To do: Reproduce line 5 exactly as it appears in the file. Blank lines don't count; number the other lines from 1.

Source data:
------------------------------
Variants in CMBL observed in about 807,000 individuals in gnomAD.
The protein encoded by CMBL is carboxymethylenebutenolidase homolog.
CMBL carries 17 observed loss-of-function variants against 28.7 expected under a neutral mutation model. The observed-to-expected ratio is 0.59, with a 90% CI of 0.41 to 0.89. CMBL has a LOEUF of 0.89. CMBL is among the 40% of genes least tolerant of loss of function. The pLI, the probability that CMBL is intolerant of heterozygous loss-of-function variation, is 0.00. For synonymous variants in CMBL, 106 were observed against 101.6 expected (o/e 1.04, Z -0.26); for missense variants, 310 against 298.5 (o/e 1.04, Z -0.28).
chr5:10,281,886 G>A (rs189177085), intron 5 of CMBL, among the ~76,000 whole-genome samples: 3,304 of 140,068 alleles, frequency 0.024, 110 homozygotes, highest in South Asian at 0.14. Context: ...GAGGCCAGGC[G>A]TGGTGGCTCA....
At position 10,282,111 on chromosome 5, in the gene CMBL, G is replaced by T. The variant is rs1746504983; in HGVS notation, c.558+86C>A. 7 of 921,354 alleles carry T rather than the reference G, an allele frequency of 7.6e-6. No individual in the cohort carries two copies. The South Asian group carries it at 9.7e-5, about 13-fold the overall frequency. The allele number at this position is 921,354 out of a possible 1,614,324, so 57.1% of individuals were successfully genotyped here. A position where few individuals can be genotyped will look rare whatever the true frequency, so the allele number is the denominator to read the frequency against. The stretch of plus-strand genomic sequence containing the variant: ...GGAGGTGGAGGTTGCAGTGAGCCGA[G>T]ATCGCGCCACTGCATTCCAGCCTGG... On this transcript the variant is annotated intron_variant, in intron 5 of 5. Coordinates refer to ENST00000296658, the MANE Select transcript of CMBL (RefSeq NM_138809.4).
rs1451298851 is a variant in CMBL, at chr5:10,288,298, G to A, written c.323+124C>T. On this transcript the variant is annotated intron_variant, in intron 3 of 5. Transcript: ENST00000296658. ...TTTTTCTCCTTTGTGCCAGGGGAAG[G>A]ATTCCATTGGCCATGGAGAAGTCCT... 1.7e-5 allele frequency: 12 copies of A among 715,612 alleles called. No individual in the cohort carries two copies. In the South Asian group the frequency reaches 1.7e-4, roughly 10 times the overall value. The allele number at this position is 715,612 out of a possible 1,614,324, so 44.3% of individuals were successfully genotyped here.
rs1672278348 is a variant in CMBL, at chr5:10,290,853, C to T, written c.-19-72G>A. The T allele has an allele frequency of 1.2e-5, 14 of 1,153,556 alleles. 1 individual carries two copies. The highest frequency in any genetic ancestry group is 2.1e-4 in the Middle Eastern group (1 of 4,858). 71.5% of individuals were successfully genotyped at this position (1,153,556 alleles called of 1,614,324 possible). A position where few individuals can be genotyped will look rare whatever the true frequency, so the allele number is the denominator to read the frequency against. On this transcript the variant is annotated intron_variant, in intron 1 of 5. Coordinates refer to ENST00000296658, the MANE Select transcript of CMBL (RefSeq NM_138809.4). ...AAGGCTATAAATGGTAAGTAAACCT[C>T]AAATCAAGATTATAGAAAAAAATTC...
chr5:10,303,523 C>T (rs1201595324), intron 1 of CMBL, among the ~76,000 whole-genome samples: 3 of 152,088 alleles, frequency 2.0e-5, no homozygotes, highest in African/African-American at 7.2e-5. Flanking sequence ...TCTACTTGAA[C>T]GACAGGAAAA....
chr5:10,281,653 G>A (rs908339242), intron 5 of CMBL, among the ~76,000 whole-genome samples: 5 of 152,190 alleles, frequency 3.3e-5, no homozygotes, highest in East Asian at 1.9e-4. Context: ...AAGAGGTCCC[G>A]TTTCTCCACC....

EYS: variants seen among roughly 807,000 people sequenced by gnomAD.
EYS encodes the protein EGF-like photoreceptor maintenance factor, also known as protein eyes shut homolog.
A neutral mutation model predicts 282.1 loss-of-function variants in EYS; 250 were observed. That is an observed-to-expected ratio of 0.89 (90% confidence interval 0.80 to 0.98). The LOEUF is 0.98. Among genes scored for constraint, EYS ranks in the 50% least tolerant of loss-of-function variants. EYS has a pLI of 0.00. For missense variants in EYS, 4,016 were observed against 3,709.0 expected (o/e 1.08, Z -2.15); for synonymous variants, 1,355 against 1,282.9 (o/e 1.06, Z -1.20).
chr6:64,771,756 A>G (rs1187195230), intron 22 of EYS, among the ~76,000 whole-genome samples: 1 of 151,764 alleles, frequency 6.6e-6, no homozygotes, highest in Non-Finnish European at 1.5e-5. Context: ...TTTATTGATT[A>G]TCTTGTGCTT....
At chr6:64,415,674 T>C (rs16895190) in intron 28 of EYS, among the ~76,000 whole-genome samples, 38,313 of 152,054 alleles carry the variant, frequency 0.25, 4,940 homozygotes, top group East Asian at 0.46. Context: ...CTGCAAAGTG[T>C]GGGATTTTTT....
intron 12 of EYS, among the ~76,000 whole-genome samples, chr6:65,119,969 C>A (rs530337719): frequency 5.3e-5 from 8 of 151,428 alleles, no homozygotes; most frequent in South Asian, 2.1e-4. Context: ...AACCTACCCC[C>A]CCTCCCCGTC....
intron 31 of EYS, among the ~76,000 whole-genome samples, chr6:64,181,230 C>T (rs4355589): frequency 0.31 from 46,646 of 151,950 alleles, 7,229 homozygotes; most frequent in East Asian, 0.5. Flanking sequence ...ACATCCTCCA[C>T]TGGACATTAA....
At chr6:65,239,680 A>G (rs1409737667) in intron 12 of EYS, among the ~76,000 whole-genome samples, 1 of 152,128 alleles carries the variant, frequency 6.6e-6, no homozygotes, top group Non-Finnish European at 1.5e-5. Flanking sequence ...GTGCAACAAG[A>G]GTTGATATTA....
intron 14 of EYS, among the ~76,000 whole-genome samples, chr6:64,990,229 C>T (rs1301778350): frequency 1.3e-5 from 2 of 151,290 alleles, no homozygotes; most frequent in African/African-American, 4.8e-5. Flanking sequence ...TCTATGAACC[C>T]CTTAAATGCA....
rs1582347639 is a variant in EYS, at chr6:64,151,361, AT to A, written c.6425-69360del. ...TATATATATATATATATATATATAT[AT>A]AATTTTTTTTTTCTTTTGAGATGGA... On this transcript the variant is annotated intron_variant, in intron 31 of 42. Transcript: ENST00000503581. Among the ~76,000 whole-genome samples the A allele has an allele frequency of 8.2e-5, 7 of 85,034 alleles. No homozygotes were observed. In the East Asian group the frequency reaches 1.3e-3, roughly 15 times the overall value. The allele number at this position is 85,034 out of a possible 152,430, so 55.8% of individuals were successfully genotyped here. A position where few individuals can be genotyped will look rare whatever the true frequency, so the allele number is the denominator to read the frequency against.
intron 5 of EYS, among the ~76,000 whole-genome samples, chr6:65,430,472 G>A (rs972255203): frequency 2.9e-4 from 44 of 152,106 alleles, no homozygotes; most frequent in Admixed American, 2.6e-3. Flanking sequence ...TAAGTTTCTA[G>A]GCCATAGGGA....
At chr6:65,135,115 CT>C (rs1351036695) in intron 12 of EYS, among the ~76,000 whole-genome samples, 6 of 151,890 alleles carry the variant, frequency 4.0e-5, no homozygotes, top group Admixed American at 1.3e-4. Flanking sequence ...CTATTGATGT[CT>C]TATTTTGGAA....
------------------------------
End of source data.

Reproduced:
At position 10,282,111 on chromosome 5, in the gene CMBL, G is replaced by T. The variant is rs1746504983; in HGVS notation, c.558+86C>A. 7 of 921,354 alleles carry T rather than the reference G, an allele frequency of 7.6e-6. No individual in the cohort carries two copies. The South Asian group carries it at 9.7e-5, about 13-fold the overall frequency. The allele number at this position is 921,354 out of a possible 1,614,324, so 57.1% of individuals were successfully genotyped here. A position where few individuals can be genotyped will look rare whatever the true frequency, so the allele number is the denominator to read the frequency against. The stretch of plus-strand genomic sequence containing the variant: ...GGAGGTGGAGGTTGCAGTGAGCCGA[G>T]ATCGCGCCACTGCATTCCAGCCTGG... On this transcript the variant is annotated intron_variant, in intron 5 of 5. Coordinates refer to ENST00000296658, the MANE Select transcript of CMBL (RefSeq NM_138809.4).